Easing the flow of traffic
Once the tolls are scrapped a number of things could happen to allow traffic to flow:

Build a short single lane road going east off the B4449 just north of the toll bridge roundabout by the allotments so that staff at the offices and workshops at Siemens/Magnets can get into work without getting tangled up in traffic going towards the bridge. Siemens may like to stump up some cash for this.

Install zero-tolerance speed cameras set to no higher than 20mph or possibly slower and slap in a couple of speed humps at either end of the bridge to ensure traffic crosses the newly toll-free bridge slowly but steadily. Speeding fines will help pay for the purchase of the bridge and necessary road improvements.

Impose width and weight restrictions. Not being a structural engineer I don't know what these should be but I suspect that 21st lorries should not be rattling over a glorious 240-year-old bridge constructed for horse-drawn vehicles.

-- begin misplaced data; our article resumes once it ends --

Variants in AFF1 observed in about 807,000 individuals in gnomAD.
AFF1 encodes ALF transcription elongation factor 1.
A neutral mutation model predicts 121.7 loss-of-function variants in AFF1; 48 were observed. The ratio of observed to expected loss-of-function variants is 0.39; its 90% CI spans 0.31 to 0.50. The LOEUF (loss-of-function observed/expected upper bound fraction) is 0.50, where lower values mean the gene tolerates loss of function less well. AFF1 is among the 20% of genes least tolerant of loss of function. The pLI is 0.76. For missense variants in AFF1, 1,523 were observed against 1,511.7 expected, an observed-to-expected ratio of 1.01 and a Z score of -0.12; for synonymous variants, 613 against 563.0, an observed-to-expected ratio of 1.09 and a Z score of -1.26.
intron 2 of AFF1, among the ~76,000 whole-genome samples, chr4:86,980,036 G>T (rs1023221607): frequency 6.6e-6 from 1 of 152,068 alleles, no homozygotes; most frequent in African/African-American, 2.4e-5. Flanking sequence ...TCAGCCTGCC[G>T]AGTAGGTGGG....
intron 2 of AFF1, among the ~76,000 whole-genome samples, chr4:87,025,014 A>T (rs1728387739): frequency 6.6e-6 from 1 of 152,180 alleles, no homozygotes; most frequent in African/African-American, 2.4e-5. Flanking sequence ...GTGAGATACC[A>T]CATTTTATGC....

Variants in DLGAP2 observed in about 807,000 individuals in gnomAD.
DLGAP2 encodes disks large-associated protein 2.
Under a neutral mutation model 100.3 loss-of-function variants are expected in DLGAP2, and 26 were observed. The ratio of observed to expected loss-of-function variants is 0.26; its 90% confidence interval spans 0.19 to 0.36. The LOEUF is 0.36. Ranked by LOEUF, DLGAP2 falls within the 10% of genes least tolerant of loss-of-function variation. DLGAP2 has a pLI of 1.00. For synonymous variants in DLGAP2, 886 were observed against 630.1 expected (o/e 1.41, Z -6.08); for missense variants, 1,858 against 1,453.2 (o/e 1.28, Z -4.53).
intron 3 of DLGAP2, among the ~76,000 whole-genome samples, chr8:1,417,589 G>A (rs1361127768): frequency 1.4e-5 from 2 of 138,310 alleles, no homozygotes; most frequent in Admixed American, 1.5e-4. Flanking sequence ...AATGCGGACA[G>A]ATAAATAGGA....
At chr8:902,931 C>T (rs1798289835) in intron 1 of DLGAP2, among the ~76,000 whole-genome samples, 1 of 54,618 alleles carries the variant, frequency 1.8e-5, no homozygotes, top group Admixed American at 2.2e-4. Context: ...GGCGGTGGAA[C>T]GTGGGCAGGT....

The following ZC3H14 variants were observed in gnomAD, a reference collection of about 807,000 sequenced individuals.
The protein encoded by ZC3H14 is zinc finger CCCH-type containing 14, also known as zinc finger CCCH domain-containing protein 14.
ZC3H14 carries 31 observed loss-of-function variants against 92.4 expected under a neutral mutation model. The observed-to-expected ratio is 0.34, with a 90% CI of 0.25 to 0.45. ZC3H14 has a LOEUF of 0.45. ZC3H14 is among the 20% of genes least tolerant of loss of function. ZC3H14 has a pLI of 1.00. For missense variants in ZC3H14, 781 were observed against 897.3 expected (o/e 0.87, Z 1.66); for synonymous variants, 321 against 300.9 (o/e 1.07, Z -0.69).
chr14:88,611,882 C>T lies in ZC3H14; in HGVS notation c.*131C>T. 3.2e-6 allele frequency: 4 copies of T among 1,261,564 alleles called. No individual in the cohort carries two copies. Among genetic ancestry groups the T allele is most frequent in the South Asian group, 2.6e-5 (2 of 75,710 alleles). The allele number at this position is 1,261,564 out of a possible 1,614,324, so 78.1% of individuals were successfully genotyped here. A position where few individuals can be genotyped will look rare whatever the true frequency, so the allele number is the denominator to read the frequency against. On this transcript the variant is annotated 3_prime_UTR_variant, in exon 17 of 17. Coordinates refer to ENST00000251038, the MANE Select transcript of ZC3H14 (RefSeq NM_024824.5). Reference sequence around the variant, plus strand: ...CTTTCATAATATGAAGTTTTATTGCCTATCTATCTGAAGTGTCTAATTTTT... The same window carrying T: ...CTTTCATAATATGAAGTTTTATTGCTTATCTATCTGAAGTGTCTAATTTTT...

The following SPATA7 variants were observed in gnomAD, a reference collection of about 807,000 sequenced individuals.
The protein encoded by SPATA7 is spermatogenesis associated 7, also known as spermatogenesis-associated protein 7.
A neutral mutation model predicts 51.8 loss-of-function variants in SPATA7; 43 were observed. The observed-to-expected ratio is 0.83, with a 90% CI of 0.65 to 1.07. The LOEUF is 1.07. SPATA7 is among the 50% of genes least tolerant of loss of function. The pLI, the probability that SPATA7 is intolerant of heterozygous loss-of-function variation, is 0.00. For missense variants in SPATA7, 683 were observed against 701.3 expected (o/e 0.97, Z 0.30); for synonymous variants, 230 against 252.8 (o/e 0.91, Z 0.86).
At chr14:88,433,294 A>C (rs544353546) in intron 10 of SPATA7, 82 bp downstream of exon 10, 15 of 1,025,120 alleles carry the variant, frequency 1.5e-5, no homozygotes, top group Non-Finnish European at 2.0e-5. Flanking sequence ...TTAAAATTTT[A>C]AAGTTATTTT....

Widen the internal carriageway by more than a foot - yes, there is room, I have seen it with my own eyes. A bus and a lorry can pass, albeit with caution. The extra width can be found by scrapping the silly and very dangerous pedestrian path from the bridge and then... a narrow bridge immediately next to the existing bridge for cyclists and pedestrians, just like the ones built in the 1990s alongside the bridge by St Frideswide's Church on Botley Road in Oxford. The new cycle/pedestrian bridge would follow exactly the line and contour of the toll bridge and fit sympathetically into its architectural style. Probably built of metal, it would be self supporting and would not interfere with the fabric of the toll bridge in any way.

And there must be lots of other practical, workable, safe ideas that promote steady flow of traffic.

Just don't give us traffic lights. There would be a riot!

Toll collection
And if the bridge is to remain a toll bridge until a 21st century solution can be found, then tolls must be collected more effectively to allow traffic to pass through steadily. As it is at the mo, some days I feel like handing the toll collector a tenner and saying: "Let the next 200 cars through gratis. My treat."